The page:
The second season of The Walking Dead heads into its endgame with yet another strong episode that features the first truly unpredictable and shocking moment of the season (because, let’s face it, we all saw that supposedly shocking  “Sophia moment” coming a mile away last year).  TWD has been upping its game over the last few episodes, and “Judge, Jury and Executioner” is no exception.

Check out our review below…

The Players:

  • Director:  Greg Nicotero
  • Writers:  Angela Kang
  • Cast:  Andrew Lincoln, Jon Bernthal, Sarah Wayne Callies, and Laurie Holden

Episode Title: “Judge, Jury and Executioner”

[Spoilers ahead!]

Just like the last episode, “Judge, Jury and Executioner” centers on two separate plotlines: the survivor’s debate over how to handle Randall, and Carl’s encounter with a zombie in the woods.  Unlike last week, however, the two plot lines collide at the end of the episode in a truly shocking moment.

The bulk of the ep concerns our band of survivors discovering that Randall’s group (the Other Survivors), have raped women in the past, forcing most of the characters to accept the fact that Randall must be executed.  Only Dale dissents, arguing that to judge and execute Randall is to sacrifice everyone’s humanity, which is the only thing that separates them from the zombies.

Meanwhile, Carl  walks into the nearby woods and finds a walker trapped in mud.  He attempts to kill the zombie but fails, and flees when the zombie breaks loose.   Carl escapes to the barn, where he sees Rick, Shane and Daryl preparing to execute Randall.  Rick sees Carl watching, and decides to hold off on killing Randall.  Simultaneously, Carl’s zombie encounters Dale and disembowels him, leaving Dale mortally wounded.  Daryl then performs a mercy killing and executes Dale.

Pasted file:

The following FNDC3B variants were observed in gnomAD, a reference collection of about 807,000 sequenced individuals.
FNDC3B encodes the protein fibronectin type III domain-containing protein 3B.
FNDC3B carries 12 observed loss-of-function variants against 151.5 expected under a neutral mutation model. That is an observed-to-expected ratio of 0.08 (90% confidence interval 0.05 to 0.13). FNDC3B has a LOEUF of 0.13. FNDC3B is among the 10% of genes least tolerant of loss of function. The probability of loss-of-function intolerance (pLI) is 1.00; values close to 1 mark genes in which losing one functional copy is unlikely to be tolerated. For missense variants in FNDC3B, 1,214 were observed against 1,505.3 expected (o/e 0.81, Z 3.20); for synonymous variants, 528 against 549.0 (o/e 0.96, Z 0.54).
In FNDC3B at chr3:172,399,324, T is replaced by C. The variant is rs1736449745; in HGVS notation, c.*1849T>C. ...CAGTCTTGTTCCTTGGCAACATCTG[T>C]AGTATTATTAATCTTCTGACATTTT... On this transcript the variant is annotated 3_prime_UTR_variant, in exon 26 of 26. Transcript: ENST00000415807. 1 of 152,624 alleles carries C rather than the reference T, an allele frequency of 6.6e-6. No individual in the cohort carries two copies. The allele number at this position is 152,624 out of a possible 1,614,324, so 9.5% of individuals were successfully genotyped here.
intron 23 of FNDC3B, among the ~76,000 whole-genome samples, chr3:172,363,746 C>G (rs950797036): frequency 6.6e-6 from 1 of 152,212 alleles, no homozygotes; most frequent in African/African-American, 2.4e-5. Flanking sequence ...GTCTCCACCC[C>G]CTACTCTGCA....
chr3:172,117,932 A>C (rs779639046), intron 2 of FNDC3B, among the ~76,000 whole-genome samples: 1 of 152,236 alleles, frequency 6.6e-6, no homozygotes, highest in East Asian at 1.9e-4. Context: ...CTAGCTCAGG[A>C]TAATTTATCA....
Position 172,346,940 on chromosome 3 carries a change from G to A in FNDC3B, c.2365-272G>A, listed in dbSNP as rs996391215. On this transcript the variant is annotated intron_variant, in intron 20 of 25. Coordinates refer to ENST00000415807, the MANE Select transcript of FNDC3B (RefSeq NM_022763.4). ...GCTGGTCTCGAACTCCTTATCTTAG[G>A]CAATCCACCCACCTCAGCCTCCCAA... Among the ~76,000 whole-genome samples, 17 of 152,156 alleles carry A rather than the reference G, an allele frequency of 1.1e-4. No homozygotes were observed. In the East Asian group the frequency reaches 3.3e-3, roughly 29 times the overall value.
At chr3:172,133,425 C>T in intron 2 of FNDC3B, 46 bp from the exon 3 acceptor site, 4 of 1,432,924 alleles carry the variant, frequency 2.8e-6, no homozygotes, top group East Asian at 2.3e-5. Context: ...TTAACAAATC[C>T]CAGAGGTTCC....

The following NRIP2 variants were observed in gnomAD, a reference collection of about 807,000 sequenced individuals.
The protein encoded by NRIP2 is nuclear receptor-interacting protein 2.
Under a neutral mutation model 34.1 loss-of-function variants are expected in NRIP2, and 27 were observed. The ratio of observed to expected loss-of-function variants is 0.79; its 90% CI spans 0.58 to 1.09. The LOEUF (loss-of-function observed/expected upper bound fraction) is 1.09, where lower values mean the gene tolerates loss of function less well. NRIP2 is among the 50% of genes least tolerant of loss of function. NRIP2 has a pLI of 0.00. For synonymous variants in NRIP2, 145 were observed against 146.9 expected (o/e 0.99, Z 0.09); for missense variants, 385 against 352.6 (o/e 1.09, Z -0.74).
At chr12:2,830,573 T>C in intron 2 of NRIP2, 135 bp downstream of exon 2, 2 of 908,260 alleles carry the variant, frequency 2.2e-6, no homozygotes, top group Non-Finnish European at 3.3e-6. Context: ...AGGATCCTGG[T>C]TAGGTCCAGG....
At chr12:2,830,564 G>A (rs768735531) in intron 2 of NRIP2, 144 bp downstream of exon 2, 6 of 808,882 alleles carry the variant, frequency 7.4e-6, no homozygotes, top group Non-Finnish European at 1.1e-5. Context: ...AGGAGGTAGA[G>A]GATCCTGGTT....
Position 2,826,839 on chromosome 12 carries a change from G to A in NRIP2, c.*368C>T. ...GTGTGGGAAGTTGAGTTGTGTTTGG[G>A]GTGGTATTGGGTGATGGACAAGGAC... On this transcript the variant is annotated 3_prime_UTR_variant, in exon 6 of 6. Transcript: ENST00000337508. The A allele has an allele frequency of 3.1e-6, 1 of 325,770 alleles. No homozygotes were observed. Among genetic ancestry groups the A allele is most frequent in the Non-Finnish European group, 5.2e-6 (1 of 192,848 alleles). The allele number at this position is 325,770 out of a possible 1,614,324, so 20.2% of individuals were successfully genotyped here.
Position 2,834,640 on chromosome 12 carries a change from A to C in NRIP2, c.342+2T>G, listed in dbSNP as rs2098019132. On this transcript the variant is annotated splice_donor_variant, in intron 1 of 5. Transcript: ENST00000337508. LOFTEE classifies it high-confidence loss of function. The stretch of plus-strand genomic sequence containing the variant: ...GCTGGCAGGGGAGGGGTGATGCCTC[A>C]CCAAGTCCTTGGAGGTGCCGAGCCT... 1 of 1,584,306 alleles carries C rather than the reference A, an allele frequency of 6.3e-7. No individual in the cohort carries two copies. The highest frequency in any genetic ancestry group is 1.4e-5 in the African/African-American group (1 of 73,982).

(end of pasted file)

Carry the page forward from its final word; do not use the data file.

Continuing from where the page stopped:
The Good:

  • Dale:  Let’s face it, as good as TWD has been lately, it’s still fairly predictable.  Until last night, that is.  All the main characters, with the exception of, say, the increasingly villainous Shane, have a “CAN’T BE KILLED BECAUSE HE/SHE’S A MAIN CHARACTER” sign above their heads in the bright neon.  All of which made Dale’s death, which has not been hinted at or foreshadowed, all the more shocking and disturbing.  This is exactly the kind of moment that TWD has been lacking and desperately needing—a swift, brutal and shocking moment in which a totally meaningless and violent death illustrates the dark nature of the world in which our survivors now live in.  TWD has needed to raise the stakes for a long time, and Dale’s death just wildly ratcheted up the ante.

The Bad:

  • Carl’s walk:  Look, having the episode’s B-story (Carl’s zombie) dovetail neatly into the A-story (Dale walks away from the group in anger and is mortally wounded by said zombie), was a wonderful moment in which the two storylines intertwined.  That said, it came with a cost, one which I thought had ended once the mystery of Sophia was solved: the “Hey, Let’s Take a Walk in a Forest that We Know is Crawling with Cannibalistic Walking Corpses that Can Smell Our Blood” trope.  I know this is a horror story, and one of the trappings of horror tales are people doing stupid things, but Carl’s solitary walk into a forest crammed with murderous monsters smacked of a writer’s room too lazy to organically bring a zombie into the story to kill Dale (which, considering the fact that the characters are already living in a world in which they are outnumbered by millions of walking corpses, is pretty damn lazy).

Overall:

Season Two just keeps on gaining heat and traction as it speeds along toward its climax.  With just two episodes left, we witnessed a shocking death of a primary character, which raises the stakes for the rest of the cast as the sophomore season winds to a close.  The first half of Season Two may have been an uneven mess, but the second half (despite the occasionally clunky or inorganic moments) grows more and more consistent, satisfying, and shocking as it goes along.  Here’s hoping the momentum lasts to the season finale.

Rating:  7.5/10

The Walking Dead airs Sundays on AMC.